The color X-ray technology can improve the field of medical diagnostics by utilizing particle-tracking technology developed for CERN’s Large Hadron Collider
European Organization for Nuclear Research (CERN) and Mars Bioimaging, New Zealand-based startup in collaboration with the Universities of Canterbury and Otago developed the world’s first full-color 3D X-rays, which provides accurate images as compared to conventional x-ray images. According to the manufacturers, Medipix3 chip is the most advanced chips available in the world. “This technology sets the machine apart diagnostically because its small pixels and accurate energy resolution mean that this new imaging tool is able to get images that no other imaging tool can achieve,” said Phil Butler in a statement published by CERN.
The MARS scanner uses a range of chips called Medipix, which was developed to track particles at the Large Hadron Collider. Medipix works similar to camera — when the electronic shutter is open, each individual particle is detected and counted, creating high-res, accurate, noise-free images. When used with the Butlers’ MARS scanner and its software, the chips help to produce highly accurate, striking, three-dimensional color renderings of the human body that distinguish materials such as metal, bone, soft tissue, and fat with different tones.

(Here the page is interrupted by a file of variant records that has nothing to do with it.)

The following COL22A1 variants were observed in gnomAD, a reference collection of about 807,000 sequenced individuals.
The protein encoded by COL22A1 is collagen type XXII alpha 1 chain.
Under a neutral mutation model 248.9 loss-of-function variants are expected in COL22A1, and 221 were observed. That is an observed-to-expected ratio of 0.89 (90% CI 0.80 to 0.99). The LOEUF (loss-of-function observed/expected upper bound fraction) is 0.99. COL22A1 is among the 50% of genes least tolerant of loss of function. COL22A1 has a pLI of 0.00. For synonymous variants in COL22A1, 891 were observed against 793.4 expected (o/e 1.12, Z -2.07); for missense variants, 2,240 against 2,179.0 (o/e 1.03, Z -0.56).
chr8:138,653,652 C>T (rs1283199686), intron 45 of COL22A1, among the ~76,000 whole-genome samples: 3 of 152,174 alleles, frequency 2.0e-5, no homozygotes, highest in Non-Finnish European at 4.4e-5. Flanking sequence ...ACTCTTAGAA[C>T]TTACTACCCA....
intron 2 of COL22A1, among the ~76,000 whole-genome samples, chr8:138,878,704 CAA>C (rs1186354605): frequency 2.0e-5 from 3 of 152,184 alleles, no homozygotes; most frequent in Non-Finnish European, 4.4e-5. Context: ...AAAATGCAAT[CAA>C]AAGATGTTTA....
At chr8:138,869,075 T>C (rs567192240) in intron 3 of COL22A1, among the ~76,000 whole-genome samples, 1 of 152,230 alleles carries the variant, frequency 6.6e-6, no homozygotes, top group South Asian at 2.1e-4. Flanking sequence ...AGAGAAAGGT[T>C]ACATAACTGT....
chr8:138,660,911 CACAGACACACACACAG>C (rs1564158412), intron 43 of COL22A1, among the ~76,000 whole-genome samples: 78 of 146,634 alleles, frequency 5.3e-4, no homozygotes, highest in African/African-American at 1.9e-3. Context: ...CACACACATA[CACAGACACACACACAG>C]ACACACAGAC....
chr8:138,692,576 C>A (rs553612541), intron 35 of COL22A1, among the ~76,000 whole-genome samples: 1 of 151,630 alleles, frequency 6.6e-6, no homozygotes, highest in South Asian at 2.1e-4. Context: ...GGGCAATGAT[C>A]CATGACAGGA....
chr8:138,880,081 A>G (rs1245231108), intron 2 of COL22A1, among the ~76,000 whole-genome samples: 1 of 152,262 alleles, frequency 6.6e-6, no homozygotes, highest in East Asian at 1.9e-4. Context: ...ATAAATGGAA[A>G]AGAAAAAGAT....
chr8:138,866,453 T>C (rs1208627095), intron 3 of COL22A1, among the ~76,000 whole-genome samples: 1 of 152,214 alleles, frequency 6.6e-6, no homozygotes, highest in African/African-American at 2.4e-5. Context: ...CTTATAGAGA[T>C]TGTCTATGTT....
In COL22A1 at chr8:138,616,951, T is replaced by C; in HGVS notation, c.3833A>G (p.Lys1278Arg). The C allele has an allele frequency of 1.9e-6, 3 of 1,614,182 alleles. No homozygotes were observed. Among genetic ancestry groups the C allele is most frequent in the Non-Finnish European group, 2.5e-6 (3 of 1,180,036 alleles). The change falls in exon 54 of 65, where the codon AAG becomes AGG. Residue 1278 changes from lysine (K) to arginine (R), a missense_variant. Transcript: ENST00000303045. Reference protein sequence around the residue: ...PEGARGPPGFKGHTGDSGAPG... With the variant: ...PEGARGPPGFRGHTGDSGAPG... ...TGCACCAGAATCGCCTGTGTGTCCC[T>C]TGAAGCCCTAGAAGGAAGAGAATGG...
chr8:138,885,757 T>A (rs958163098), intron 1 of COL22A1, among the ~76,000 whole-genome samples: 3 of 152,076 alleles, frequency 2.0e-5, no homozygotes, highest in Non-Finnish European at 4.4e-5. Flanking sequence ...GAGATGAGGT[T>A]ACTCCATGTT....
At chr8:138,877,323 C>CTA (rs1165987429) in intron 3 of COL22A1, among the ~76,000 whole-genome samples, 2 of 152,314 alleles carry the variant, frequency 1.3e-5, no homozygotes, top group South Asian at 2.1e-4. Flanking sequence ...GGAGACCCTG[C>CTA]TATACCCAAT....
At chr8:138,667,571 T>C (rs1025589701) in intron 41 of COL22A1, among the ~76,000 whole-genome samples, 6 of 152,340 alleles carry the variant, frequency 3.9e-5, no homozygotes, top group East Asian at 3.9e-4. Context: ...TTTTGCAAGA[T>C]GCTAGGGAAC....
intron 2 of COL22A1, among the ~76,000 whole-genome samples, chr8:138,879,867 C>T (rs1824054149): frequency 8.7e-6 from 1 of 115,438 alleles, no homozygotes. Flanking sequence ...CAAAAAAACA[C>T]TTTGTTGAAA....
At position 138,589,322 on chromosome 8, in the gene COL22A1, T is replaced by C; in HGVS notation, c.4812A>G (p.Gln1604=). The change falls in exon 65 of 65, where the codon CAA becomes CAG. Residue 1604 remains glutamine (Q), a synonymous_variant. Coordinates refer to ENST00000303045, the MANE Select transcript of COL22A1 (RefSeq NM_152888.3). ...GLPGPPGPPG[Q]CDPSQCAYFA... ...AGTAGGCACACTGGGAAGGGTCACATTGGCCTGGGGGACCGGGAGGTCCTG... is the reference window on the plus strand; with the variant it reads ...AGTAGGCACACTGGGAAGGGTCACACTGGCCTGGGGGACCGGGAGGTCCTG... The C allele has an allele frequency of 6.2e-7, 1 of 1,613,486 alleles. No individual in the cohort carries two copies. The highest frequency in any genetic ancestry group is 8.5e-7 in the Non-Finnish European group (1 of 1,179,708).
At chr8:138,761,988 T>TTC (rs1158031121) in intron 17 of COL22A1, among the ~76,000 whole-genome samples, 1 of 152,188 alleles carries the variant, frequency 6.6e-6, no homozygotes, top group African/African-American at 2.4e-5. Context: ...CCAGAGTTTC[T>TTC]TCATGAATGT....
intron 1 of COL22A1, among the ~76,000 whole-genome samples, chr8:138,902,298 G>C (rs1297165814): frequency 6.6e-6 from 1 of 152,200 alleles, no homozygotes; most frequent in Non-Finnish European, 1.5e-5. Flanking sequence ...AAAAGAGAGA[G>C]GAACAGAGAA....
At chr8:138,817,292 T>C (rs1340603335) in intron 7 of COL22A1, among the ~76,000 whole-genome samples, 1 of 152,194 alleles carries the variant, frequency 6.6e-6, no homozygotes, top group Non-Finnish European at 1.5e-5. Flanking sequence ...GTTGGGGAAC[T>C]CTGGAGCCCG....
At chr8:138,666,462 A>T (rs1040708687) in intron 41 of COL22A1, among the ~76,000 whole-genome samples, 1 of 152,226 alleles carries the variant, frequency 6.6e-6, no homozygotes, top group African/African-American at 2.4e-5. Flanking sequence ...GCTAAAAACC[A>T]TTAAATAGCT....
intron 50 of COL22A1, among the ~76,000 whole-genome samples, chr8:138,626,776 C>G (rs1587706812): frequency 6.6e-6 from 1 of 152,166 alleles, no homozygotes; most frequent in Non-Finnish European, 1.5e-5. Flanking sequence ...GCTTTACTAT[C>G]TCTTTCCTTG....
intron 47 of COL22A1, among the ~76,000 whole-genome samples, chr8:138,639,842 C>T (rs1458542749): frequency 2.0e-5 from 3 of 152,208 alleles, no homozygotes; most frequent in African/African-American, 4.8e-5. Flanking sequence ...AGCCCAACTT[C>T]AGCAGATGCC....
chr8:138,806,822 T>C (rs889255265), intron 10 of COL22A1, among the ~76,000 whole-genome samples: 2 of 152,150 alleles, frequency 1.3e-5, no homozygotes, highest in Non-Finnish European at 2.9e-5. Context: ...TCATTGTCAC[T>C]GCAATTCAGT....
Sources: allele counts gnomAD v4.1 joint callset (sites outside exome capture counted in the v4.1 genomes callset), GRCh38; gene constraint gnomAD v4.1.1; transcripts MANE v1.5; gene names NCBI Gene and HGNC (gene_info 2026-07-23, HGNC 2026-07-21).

Recently the technology has been used to study cancer, vascular diseases that lead to strokes and heart attacks, and bone and joint health. Furthermore according to the company, MARS Bioimaging Ltd plans to commercialize the scanner in near future. “In all of these studies, promising early results suggest that when spectral imaging is routinely used in clinics it will enable more accurate diagnosis and personalization of treatment,” said Anthony Butler in the statement. Moreover to examine the efficacy of technology, a group of orthopedic and rheumatology patients in New Zealand will be scanned in clinical trials over the next few months.